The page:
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May 16, 2016 admin

Why Dogs Like Crates

I’ve come full circle about crating dogs.

I used to think they were horrible cages that people used for really out-of-control dogs who were destroying the furniture.

But then I got a shelter dog, Lilo, who was a little crazy—he snapped at people and would lunge at other dogs—and I decided to try using a crate to help calm him down. When we first brought it home, he went into the crate instantly. To this day, he loves being in the crate—he even sleeps in it. In fact, now it’s hard to get him to sleep anywhere but in the crate!

Don’t get me wrong—I do not believe a dog should be kept in a crate all day, or put there for hours on end. But for some dogs, going into a crate at high-stress times can help calm them down and feel safe. Fireworks, thunderstorms, a repairman walking into the house, maybe even hearing the doorbell ring or seeing the mail delivered through the mail slot can make some dogs freak out.

Putting them in a crate, and covering it with a light blanket or sheet (leaving enough of an opening so they can breathe, of course), can allow these dogs to relax in a cozy place where they feel safe.

I’m not talking about house training a puppy with a crate—which is a really great method. I’m addressing adult dogs who can be so anxious, or so highly social—for instance ones that go to doggie day care—that chilling out in a crate at the end of the day might be restful and calming. Dogs like structure, and some people make crate time a part of their dog’s daily routine.

And if you want travel on a plane with your dogs, you need to get to get them used to being in crate well before your trip. If not, that first time of being in a strange crate in a loud airplane? That could be really traumatic.

Crate stories

Have you used a crate with success? Let me know—I’d love to hear your experiences with your dog.

How to Get Your Dog Used to a Crate

Always make the crate a positive, good spot (and get one that is big enough so your dog to stand and turn around in it). Place a blanket or towel inside so that it’s a comfortable, inviting spot where your dog will want to curl up. Leave the door wide open—he might walk into crate on his own and lie down!

Feed your dog or give him a treat in the crate. Put a favorite toy in there. You want your dog to associate good things with the being in the crate.

Put your dog in the create for 10 minutes, then let him out and play fetch or give him a belly rub. You want him to associate good things coming out of the crate too. Then start increasing the time he spends in a crate by a little bit over several days or weeks.Give a command, like “Go to your crate,” whenever he goes into it. Make it a high reward activity—he gets something he really likes, such as a really great toy or a favorite kind of canned food, when he goes into the crate.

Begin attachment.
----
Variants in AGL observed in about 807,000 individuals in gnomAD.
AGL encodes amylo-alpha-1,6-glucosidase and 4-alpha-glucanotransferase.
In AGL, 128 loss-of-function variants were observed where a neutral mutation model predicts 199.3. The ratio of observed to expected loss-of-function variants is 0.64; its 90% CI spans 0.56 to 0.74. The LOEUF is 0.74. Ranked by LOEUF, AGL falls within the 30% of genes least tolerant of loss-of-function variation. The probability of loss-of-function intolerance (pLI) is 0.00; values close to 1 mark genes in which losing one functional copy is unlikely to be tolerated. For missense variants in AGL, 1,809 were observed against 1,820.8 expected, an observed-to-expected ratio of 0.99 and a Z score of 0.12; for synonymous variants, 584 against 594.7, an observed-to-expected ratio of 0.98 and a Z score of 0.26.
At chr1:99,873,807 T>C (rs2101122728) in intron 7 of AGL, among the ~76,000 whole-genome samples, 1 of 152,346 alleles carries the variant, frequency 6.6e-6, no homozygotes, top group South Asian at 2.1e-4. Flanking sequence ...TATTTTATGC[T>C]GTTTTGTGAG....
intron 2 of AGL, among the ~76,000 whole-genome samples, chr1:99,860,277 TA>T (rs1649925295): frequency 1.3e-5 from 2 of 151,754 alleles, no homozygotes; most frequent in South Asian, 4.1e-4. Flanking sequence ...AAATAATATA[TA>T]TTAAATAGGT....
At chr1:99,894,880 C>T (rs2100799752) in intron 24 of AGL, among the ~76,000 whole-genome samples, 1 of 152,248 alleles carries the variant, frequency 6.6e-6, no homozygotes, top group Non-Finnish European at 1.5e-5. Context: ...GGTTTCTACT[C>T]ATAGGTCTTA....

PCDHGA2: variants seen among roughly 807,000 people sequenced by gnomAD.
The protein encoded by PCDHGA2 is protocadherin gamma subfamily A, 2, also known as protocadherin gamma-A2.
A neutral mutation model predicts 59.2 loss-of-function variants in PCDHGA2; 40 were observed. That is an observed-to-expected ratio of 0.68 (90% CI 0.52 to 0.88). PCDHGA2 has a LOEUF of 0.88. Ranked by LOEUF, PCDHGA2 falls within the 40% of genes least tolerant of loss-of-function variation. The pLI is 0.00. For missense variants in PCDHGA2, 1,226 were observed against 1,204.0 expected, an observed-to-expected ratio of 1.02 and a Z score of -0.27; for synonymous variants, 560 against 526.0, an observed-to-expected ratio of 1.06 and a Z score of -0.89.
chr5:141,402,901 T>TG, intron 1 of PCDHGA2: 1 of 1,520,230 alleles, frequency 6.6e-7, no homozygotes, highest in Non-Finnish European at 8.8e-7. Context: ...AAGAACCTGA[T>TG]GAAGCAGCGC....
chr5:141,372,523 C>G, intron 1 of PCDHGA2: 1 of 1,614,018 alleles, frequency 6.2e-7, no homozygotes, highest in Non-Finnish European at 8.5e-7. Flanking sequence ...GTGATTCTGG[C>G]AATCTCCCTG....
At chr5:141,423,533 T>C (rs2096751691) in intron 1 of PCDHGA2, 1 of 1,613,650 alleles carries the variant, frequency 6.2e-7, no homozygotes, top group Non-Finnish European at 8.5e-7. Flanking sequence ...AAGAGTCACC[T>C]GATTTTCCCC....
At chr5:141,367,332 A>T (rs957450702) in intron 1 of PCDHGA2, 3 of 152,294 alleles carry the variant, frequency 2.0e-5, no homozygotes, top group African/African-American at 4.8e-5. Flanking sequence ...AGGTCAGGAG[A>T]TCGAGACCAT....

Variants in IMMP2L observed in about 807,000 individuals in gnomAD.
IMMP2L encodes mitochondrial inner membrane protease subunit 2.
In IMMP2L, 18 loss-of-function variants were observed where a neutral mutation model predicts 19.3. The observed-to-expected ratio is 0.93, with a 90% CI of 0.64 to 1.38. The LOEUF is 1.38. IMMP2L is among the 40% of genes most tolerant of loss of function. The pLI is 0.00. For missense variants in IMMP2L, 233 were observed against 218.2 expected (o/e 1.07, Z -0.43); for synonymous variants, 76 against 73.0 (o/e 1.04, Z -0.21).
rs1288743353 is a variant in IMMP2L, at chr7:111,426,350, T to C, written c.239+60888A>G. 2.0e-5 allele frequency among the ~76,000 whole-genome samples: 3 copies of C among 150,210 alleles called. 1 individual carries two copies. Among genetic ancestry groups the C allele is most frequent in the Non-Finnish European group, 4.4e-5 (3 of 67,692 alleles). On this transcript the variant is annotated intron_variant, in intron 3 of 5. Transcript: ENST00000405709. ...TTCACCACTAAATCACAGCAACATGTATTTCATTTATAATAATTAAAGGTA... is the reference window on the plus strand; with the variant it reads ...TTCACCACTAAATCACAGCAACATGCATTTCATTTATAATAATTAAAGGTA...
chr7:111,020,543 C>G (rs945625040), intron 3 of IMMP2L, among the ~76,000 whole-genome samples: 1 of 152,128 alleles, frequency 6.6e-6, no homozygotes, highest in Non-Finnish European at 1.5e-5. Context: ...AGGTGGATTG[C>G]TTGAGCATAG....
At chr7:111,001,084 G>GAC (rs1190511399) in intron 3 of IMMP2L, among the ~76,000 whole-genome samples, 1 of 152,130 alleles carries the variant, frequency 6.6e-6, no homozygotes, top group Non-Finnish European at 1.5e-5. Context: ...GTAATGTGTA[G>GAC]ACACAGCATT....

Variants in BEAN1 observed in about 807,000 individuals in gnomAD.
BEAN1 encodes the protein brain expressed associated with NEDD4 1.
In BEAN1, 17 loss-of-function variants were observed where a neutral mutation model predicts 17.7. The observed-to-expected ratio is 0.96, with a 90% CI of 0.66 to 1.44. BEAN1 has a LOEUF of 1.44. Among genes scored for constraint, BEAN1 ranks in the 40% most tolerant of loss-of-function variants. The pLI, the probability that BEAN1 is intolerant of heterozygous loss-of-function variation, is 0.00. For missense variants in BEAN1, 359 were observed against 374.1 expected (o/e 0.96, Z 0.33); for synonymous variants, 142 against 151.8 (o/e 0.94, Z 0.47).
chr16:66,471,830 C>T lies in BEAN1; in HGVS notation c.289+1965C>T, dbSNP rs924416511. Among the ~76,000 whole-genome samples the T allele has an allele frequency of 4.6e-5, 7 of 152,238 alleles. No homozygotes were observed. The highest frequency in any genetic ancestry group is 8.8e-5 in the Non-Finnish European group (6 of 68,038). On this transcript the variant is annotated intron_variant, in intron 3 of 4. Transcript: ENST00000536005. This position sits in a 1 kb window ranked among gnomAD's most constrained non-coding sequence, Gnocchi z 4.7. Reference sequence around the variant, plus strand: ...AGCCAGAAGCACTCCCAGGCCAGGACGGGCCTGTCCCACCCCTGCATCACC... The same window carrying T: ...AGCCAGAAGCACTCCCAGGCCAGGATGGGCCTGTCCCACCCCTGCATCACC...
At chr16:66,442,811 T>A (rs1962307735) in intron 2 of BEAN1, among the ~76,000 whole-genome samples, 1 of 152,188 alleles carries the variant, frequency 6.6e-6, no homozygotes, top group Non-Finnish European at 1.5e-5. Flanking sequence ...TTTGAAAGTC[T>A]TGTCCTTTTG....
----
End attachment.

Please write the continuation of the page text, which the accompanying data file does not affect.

Crating caution!

A crate isn’t a magical solution. If not used correctly, a dog can feel trapped and frustrated.

Never use the crate as a punishment. Your dog will come to fear it and refuse to enter it.

Don’t leave your dog in the crate too long.  A dog that’s crated day and night doesn’t get enough exercise or human interaction and can become depressed or anxious. You may have to change your schedule, hire a pet sitter, or take your dog to a doggie daycare facility to reduce the amount of time he must spend in his crate every day.

Puppies under six months of age shouldn’t stay in a crate for more than three or four hours at a time. They can’t control their bladders and bowels for that long. The same goes for adult dogs that are being housetrained. Physically, they can hold it, but they don’t know they’re supposed to.

Crate your dog only until you can trust him not to destroy the house. After that, it should be a place he goes voluntarily.

 Source: The Human Society of the United States

Big ugly things?

I have had clients who said they didn’t want a crate in the house—and yes, crates can be big ugly things that take up space. I like wire crates because they can be collapsed and put away pretty easily. But there are models that are designed to look almost like furniture. You can also throw a sheet or blanket over any crate hide it. (Whenever I do this, one of my dogs likes to jump up and lie on top of the crate so he has a perch!)

Here are some crate models to consider:

Merry Products End Table Pet Crate (Hayneedle.com)

Drs. Foster and Smith Basic 2-Door Dog Crate (drsfostersmith.com)

Firstrax Noz2Noz SofCrate (chewy.com)

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818-667-DOGS

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Canine Companion LA provides dog walking, dog hiking, pet visits, and cat visits in the following San Fernando Valley areas: Sherman Oaks, Studio City, Encino, Valley Village, Valley Glen, Lake Balboa, North Hollywood and parts of Van Nuys, We are expanding, so contact us at 818-667-DOGS to see if we can meet your needs if your area is not listed!

info@caninecompanionla.com

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